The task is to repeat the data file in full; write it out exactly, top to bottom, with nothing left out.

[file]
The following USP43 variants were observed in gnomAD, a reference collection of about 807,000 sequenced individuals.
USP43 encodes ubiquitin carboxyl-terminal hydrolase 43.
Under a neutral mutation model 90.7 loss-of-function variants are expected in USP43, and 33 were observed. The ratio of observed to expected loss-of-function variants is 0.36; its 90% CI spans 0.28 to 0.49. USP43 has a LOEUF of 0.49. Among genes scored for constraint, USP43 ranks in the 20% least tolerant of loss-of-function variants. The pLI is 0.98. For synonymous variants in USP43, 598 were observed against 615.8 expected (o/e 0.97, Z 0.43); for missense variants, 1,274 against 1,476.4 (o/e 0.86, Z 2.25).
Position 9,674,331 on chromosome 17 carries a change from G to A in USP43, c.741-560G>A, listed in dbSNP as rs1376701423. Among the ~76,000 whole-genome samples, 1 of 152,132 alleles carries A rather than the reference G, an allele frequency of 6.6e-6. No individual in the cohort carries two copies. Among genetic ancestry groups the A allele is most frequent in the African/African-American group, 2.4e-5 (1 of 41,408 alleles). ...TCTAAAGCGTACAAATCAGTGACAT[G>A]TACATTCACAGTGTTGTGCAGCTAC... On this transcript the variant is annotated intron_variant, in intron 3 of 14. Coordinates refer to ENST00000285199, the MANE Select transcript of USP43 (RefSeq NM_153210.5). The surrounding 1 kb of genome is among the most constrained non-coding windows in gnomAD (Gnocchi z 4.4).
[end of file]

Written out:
The following USP43 variants were observed in gnomAD, a reference collection of about 807,000 sequenced individuals.
USP43 encodes ubiquitin carboxyl-terminal hydrolase 43.
Under a neutral mutation model 90.7 loss-of-function variants are expected in USP43, and 33 were observed. The ratio of observed to expected loss-of-function variants is 0.36; its 90% CI spans 0.28 to 0.49. USP43 has a LOEUF of 0.49. Among genes scored for constraint, USP43 ranks in the 20% least tolerant of loss-of-function variants. The pLI is 0.98. For synonymous variants in USP43, 598 were observed against 615.8 expected (o/e 0.97, Z 0.43); for missense variants, 1,274 against 1,476.4 (o/e 0.86, Z 2.25).
Position 9,674,331 on chromosome 17 carries a change from G to A in USP43, c.741-560G>A, listed in dbSNP as rs1376701423. Among the ~76,000 whole-genome samples, 1 of 152,132 alleles carries A rather than the reference G, an allele frequency of 6.6e-6. No individual in the cohort carries two copies. Among genetic ancestry groups the A allele is most frequent in the African/African-American group, 2.4e-5 (1 of 41,408 alleles). ...TCTAAAGCGTACAAATCAGTGACAT[G>A]TACATTCACAGTGTTGTGCAGCTAC... On this transcript the variant is annotated intron_variant, in intron 3 of 14. Coordinates refer to ENST00000285199, the MANE Select transcript of USP43 (RefSeq NM_153210.5). The surrounding 1 kb of genome is among the most constrained non-coding windows in gnomAD (Gnocchi z 4.4).